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    If you require rest, now is the time. That is, after all, what the bonfire is for.

    Darkmoon Knightess, Dark Souls

    Super Space Galaxy is a game about being an adventurer and exploring the unknown reaches of the galaxy on your own terms. I always wanted to give the game’s cities and waypoints a sense of being somewhere in particular. After all, if every part of the galaxy feels the same, what’s the point of going somewhere else?

    The bonfires in Dark Souls were a huge inspiration for me as I designed how the waypoints in the game were going to work. In Dark Souls, bonfires are a crucial element that lets you level up, restock your supplies, and keep your progress forward. The world of Dark Souls is also relatively open and has a similar structure to the galaxy-maps in my game.

    Travelling between bonfires was also important. For the first half of the game, you can’t teleport to other bonfires, and must travel from place to place on foot. I found that this makes your route more meaningful, as well as making any shortcuts you discover more impactful. Many gamers report the amazed feeling of unlocking a lift down to an old area, because its discovery made you re-write your mental map of Dark Souls‘ world.

    It helps to think of these things abstractly. As your character moves away from a waypoint of safety, they experience resistance. The longer the route, the more resistance it’s likely to offer. The more resistance, the more likely it is that your character will die, you’ll lose your progress, and have to go back to the original waypoint. Many survival horror games trade on the growing tension and release this simple dynamic can give you.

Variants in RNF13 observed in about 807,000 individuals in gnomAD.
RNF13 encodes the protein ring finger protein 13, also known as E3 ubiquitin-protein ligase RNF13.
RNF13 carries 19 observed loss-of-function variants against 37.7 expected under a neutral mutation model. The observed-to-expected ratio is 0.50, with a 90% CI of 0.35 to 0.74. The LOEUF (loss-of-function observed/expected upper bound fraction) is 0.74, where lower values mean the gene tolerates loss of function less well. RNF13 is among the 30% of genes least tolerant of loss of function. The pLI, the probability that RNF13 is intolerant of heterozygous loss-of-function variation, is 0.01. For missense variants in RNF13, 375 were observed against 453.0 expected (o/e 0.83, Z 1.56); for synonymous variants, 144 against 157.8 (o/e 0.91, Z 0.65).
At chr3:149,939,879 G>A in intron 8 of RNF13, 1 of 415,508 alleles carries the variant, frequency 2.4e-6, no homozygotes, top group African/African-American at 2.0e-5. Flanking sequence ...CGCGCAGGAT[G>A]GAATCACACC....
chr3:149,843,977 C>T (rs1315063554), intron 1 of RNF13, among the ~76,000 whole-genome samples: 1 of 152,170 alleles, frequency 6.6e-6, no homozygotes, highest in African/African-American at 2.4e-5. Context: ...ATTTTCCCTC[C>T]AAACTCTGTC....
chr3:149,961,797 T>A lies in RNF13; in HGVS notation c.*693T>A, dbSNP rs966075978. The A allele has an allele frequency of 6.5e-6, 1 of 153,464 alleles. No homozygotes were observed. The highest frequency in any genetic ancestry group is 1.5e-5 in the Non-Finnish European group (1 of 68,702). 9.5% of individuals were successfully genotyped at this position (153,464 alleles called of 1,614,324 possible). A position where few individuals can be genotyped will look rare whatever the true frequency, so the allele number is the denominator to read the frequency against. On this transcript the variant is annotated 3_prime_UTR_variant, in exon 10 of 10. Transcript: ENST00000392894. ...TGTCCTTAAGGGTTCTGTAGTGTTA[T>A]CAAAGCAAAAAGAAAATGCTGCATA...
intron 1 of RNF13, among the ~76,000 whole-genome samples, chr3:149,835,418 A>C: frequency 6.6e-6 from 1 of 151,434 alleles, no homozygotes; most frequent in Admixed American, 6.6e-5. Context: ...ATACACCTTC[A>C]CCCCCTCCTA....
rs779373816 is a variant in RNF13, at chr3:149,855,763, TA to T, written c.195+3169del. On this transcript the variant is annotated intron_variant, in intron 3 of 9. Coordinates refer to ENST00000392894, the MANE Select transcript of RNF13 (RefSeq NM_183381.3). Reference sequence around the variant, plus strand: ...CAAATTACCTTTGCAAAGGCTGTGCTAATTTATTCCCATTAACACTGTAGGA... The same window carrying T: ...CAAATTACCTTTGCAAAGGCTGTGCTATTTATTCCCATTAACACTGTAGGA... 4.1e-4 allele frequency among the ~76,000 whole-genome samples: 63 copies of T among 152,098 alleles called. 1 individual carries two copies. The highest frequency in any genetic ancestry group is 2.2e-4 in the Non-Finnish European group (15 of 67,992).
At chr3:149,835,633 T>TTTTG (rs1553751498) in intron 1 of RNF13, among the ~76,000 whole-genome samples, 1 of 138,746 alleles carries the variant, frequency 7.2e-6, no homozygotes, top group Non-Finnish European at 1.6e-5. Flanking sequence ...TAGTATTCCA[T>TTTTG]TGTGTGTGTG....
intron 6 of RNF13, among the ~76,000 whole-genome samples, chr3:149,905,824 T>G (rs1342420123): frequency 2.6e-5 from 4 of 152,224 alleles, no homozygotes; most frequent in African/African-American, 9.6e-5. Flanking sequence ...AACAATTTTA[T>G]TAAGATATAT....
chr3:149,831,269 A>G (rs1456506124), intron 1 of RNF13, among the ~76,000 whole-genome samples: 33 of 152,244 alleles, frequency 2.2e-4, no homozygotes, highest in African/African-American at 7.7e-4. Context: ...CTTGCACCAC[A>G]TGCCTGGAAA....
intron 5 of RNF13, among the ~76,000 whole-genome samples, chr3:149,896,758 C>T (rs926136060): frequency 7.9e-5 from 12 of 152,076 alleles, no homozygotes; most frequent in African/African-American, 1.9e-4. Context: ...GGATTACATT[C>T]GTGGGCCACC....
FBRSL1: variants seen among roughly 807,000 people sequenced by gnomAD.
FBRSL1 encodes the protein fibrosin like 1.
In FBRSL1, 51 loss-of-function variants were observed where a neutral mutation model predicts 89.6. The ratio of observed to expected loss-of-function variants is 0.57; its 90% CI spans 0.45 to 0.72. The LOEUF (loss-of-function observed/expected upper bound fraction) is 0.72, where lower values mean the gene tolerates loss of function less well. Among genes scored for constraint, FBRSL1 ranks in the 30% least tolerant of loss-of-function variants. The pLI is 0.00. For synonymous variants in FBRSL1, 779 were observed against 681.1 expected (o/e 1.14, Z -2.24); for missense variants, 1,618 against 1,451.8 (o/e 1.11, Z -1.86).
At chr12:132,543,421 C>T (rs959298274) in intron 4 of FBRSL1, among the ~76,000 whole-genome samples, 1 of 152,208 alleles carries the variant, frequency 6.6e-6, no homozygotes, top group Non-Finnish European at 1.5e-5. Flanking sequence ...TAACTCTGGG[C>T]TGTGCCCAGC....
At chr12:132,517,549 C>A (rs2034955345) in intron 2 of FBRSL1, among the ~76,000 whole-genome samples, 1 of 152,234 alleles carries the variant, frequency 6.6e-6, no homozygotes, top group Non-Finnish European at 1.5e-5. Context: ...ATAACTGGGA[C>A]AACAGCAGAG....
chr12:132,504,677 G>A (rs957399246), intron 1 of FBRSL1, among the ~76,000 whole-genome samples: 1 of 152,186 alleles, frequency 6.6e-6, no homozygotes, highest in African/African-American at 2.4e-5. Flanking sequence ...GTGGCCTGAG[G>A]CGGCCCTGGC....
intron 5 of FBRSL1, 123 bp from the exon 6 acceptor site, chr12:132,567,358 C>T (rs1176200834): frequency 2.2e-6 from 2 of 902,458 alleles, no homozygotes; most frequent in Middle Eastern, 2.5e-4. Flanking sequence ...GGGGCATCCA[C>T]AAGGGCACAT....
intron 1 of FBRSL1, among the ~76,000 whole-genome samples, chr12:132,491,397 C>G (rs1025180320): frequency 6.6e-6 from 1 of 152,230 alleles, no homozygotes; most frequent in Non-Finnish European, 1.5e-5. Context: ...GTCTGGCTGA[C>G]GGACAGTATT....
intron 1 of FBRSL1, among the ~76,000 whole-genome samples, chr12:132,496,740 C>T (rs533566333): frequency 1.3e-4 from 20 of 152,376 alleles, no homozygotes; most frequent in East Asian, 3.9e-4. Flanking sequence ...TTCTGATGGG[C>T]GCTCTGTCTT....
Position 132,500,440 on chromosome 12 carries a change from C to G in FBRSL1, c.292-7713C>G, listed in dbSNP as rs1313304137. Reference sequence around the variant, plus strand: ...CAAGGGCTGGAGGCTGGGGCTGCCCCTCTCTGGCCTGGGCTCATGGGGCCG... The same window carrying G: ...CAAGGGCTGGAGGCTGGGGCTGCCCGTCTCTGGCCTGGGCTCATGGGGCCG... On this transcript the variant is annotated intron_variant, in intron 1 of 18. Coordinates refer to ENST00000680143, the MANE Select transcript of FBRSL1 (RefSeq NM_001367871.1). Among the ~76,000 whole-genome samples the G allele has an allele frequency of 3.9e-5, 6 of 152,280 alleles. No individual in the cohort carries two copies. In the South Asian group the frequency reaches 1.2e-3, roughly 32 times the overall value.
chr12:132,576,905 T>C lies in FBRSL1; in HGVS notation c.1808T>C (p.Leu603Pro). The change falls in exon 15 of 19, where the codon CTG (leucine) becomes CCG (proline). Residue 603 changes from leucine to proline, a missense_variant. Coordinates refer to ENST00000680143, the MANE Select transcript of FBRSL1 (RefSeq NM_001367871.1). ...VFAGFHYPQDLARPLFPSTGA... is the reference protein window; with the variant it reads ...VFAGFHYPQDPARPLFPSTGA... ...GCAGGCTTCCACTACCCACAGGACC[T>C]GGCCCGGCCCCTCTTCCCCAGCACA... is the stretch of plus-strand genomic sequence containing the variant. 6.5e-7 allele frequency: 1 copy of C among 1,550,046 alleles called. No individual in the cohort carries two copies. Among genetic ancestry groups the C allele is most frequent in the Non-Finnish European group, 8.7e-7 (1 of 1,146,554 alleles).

When I was playing Super Mario Odyssey, I found myself thinking about how survival in an open environment worked. The environments in Odyssey are more open then the ones in Dark Souls, and wandering around aimlessly can occasionally get you killed. On the other hand, if you know what you’re looking for you can often make progress without much risk. Something like this can easily become a problem, where knowing the best route becomes far more important than mastering the mechanics of the game.

    Longer route, more resistance.
    A short, direct route gives less resistance.

    I find that having these gaming precedents, and understanding them, is invaluable. I take each mechanic in my games very seriously, and it’s important to me that they all serve a purpose. Understanding why waypoints and resistance were good in other games is a useful way to ensure that they’ll serve your game too, without needing to implement them first.

    In Super Space Galaxy, you spend Galactic Fuel as you travel. Run out and you must teleport back home. Since more fuel costs in-game currency, this incentivises you to visit planets you pass by and harvest resources from them. Once there, it’s possible you’ll be attacked by enemies and take damage. Fuel and damage therefore function as two, independent ways you can lose your progress.

    So far I’m finding this works the way I wanted. When I land on a planet, I feel like I’m in a particular situation with my fuel reserves, position on the galaxy-map, and ship health. Even if most the planets are essentially the same, they’re effectively given more variety from the situation you find them in. It also means that information will be a useful currency in its own right. If you know the best route, you’ll be able to save fuel and get directly to what you want.

    I’m quite happy with how it’s all come together if I say so myself! It almost feels like cheating to take the best parts of other games like Dark Souls, and integrate them into my own design.

    Thanks for reading,

    Kenneth Dunlop


    Published by Kenneth Dunlop

    Earth's Mightiest Game Designer. Making Super Space Galaxy. Previously made Super Space Slayer 2.

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